CPT Code 99457 allows for reimbursement for time spent by the billing physician, a qualified healthcare professional (QCHP), or clinical staff in monitoring and interacting with the patient data. All practitioners must practice in accordance with applicable state law and scope of practice laws. There is no specific guideline for review and action of physiological transmittals; however, the spirit of Telemonitoring is to view a patient's trends over time, intervene when necessary, make medical decisions accordingly, and reduce costly insurable events before they occur (i.e. Emergency Care). CPT Code 99457 is billed monthly.

CPT Code 99453 is one-time billing. CPT Code 99457 is billed once each calendar month, and can commence on the 25th of January, or otherwise, commence billing the 1st of February for simplified administration. CPT Code 99457 requires 20 min of clinical interaction in a given calendar month; if the 20min is achieved between the 25th and 31st of January, it can be billed for that calendar month.

No, unlike some State Medicaid Telemonitoring reimbursement protocols, frequency of a patients physiological transmittals doesn’t directly impact reimbursements; however, CPT Code 99457 requires 20 min of healthcare professional interaction, which may be difficult to accomplish with low patient adherence. Under 99457, CMS envisions a device providing daily transmissions of PGHD; however, formal guidance is forthcoming. Code 99091 does not necessarily require daily transmission by device.

No, CPT Codes 99454 and 99457 do not prevent billing based on a combination of diagnosis codes, and any respective physiological readings. That said, if 20 min of professional clinical interaction is not met reviewing the physiological readings in a given month, CPT Code 99457 cannot be successfully billed.

Currently CMS has not provided formal guidance on the devices that can be used, but they intend to provide guidelines in the next couple of months. There is some concern about using data from iPhone apps. Under CPT Code 99454, FDA defined medical devices are allowed. Stay tuned for CMS updates to permissible devices.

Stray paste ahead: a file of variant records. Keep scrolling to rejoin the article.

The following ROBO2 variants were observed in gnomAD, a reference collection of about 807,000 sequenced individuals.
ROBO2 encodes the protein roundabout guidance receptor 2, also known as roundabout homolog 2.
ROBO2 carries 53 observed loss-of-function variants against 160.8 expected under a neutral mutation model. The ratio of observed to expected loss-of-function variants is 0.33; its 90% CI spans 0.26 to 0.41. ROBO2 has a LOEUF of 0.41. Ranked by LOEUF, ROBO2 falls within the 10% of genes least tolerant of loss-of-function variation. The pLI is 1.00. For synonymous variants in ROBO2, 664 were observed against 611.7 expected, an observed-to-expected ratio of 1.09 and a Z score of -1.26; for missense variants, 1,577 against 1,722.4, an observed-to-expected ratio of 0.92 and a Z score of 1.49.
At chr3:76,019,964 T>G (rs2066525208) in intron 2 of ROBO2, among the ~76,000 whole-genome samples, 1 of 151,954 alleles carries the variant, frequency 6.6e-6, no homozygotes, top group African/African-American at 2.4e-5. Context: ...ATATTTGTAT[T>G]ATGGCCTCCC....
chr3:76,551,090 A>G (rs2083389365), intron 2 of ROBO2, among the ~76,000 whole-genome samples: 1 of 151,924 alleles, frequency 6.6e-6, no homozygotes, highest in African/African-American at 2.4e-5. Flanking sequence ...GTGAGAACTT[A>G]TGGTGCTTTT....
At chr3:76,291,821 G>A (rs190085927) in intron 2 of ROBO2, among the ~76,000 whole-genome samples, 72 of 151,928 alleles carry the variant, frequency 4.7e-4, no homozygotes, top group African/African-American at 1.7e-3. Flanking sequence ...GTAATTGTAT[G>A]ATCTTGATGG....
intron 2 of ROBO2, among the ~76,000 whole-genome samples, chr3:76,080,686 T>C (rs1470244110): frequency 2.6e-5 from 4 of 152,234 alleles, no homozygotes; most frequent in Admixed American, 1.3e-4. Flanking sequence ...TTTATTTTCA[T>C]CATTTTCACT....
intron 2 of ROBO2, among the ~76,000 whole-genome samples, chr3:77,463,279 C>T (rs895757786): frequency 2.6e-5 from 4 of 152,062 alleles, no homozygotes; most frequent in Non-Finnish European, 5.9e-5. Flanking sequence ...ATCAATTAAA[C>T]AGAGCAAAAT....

Yes, RPM can be billed for by multiple providers in different specialties/practices for the same patient, but no one practice can bill for their monitoring of physiological data more than once per patient per month. Please also note the Medicare distinction between Telemonitoring and the Medicare CCM guidelines, in that a patient does not need to meet CCM criteria in order to participate in RPM.

The following are common CCM and Complex CCM codes that benefit Medicare patients under telemonitoring services:

CCM Code 99490 - ccm services, 20min clinical staff time, directed by physician/qhcp, 2 or more chronic conditions expected to last 12 months, comprehensive care plan, assumes 15 min of billing time

Complex CCM Code 99487 - 2 or more chronic conditions expected to last 12 months, requires moderate or high level of physician time, 60 min of physician time
Complex CCM Code 99489 - for each additional 30 min assuming the physician has maxed out 99487 for the given patient in a given month

CMS is not being restrictive on any use cases at this time. Purposefully, CMS would like to see which medical fields/specialties and the level of traction Telemonitoring receives. Basic physiological parameters, such as Blood Pressure, can provide a great deal of insight into the physical and mental state of a patient. CMS has specified that RPM codes may be used in conjunction with the Behavioral Health Integration codes.

CPT Code 99444 is currently not a code that is reimbursable by Medicare. CCM Codes 99487, 99489, and 99490 (Chronic Care Management Services) can be billed concurrent for chronic care patients. Many physician practices utilize CCM systems and will not be impacted by enlisting those patients to telemonitoring.  

In 2018, CMS “unbundled” CPT Code 99091 making it available to bill for the Medicare Telemonitoring; however, it cannot be billed concurrent to 99457. Feedback from physicians after a year of Code 99091, was that physicians did not have 30 min, and needed a portion of the aggregate clinical time to be managed by additional clinical roles for triage and escalation. The unbundling of 99091, much like 99457, allows either code to be billed concurrent to TCM and CCM services.